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divorce dissolution

Divorce, dissolution and Nigel Farage

Nigel Farage’s wife has recently confirmed that they have been “living separate lives for years” but what are Mrs Farage’s options for obtaining a divorce and evidencing that her marriage has irretrievably broken down? Most likely, one of them will rely on the fact of their separation to obtain a divorce. Depending on how long they have been “living separate lives” they can seek to divorce on the basis of either 2 or 5 years separation.

Establishing two years’ separation with consent

Two years’ separation together with Nigel’s consent to the divorce proceedings is one of the five facts Mrs Farage can rely on to prove her marriage has broken down irretrievably.

To establish this fact, Mrs Farage must prove the following:

  • They have lived apart for a continuous period of at least two years immediately before the petition is filed at court; and
  • Her husband consents to the divorce.

Consent must be given in writing and can be provided at any time after the petition has been served on the other party. Usually consent is given in the acknowledgment of service form confirming receipt of the petition. If so, Nigel must sign the acknowledgment of service as well as his legal representative. Consent does not have to be provided in the acknowledgment of service, but it must be clearly evidenced in writing (perhaps in a signed letter from the respondent) as consent will not be implied. Consent can be conditional, for example, on Mrs Farage agreeing not to seek an order for the costs of the divorce proceedings.

Consent may be withdrawn at any time before a decree is pronounced and a reason does not need to be provided. Withdrawing consent once decree nisi has been pronounced is unlikely to be effective. However, even after decree nisi has been pronounced, the court can rescind the decree nisi on Nigel’s application, if satisfied Mrs Farage misled him (intentionally or unintentionally) about any matter he took into account when deciding whether to consent. This may relate to a financial or non-financial matter. In most cases, the court will grant the decree absolute even if he has been misled, provided this has no serious consequences.

Establishing five years’ separation
Five years’ separation is another of the five facts Mrs Farage can rely on to prove her marriage has broken down irretrievably.

To establish this fact, they must have lived apart for a continuous period of at least five years immediately before the petition is filed at court. Mrs Farage does not need her husband’s consent to the divorce proceedings. If he wishes to defend the proceedings, he can deny there has been a separation of five years or raise the defence of grave hardship, although the likelihood of that affecting Nigel Farage is remote!

The Farage’s will be treated as living apart unless they are living in the same household. Even if they were living in the same house, they can be living apart if they are leading completely separate lives. Living apart in the same household can be evidenced by the fact they no longer do the following:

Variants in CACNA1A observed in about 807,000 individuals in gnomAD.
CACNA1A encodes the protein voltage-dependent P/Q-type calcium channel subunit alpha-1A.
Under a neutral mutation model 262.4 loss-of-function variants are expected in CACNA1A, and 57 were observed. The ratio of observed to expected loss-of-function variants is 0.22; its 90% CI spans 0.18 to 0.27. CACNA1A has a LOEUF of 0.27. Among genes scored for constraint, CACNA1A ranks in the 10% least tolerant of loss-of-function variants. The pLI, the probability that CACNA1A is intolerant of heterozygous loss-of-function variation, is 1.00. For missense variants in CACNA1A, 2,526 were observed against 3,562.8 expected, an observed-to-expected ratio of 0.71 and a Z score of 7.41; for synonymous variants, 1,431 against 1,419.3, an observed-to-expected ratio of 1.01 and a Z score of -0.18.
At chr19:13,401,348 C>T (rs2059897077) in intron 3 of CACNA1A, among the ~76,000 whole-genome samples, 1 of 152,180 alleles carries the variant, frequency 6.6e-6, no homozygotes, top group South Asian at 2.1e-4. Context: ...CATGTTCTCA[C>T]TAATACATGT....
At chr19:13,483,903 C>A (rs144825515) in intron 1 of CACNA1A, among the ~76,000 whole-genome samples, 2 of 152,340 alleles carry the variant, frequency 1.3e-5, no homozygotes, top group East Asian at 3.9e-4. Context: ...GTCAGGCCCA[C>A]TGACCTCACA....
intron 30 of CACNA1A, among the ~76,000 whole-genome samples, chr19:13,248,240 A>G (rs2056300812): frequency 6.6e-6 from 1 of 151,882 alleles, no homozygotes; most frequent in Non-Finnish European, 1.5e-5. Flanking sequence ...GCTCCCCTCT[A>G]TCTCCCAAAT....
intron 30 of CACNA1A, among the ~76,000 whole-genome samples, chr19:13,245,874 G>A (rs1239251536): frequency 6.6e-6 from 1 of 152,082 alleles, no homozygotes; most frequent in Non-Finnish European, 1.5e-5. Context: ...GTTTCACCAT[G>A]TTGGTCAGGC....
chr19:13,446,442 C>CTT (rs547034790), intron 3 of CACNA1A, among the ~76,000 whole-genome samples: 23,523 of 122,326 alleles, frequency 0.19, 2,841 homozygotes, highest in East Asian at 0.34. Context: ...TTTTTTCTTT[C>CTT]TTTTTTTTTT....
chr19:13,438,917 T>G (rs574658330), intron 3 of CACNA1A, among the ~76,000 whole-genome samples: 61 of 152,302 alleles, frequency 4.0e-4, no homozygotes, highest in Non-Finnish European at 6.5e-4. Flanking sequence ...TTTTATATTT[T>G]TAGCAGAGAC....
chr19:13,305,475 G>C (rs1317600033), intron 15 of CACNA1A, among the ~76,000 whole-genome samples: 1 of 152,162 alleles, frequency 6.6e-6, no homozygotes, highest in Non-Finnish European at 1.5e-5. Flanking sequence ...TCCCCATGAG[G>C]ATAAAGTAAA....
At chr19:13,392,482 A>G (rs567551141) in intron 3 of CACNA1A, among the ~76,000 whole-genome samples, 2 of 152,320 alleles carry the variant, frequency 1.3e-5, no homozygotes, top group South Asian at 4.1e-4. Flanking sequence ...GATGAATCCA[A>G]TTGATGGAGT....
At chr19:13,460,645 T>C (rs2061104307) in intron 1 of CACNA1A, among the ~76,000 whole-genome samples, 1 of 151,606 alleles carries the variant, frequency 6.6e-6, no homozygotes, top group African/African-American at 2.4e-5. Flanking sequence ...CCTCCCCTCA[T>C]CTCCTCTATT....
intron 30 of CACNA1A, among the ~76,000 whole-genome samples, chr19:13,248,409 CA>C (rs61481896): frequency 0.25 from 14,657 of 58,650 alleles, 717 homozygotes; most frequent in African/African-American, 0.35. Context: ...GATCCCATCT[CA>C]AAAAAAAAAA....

• Sleep together;
  • Cook and eat together;
  • Watch television together; and
  • Carry out domestic chores such as cleaning, washing and ironing for one another.

Effect of cohabitation
If the Farage’s have lived together in the same household (cohabited) for a period, or periods, adding up to six months or less, the court will ignore that cohabitation when considering the period of separation. However, periods during which they cohabit do not count as part of the period of separation. They must have lived separate and apart for at least two years, or five years if seeking to rely on that ground.

Financial position of the respondent
If either two years’ or five years’ separation are the only facts on which Mrs Farage can rely to evidence the irretrievable breakdown of the marriage (meaning there has been no adultery, no unreasonable behaviour and no desertion) and decree nisi has already been pronounced, Nigel may ask the court to consider his financial position following the divorce.

Financial hardship as a means of delaying a divorce is a complex area, and the likelihood of successfully preventing the divorce proceeding varies from case to case. We would strongly advise anyone who thinks that they will suffer financially as a result of a divorce to speak to a member of our specialist family team to seek advice on their options.

The length of time the parties have been separated is relevant. The court has emphasised the desirability of ending “empty ties” and bringing marriages that are “empty shells” to an end and it is for this reason that obtaining a divorce based on five years’ separation is one of the most amicable and straightforward grounds for obtaining a divorce. It is also worth noting that whether Mr or Mrs Farage petition for divorce, it will have no impact on any financial settlement as the court will not have any regard for who is the petitioner and who is the respondent when considering the division of matrimonial assets.

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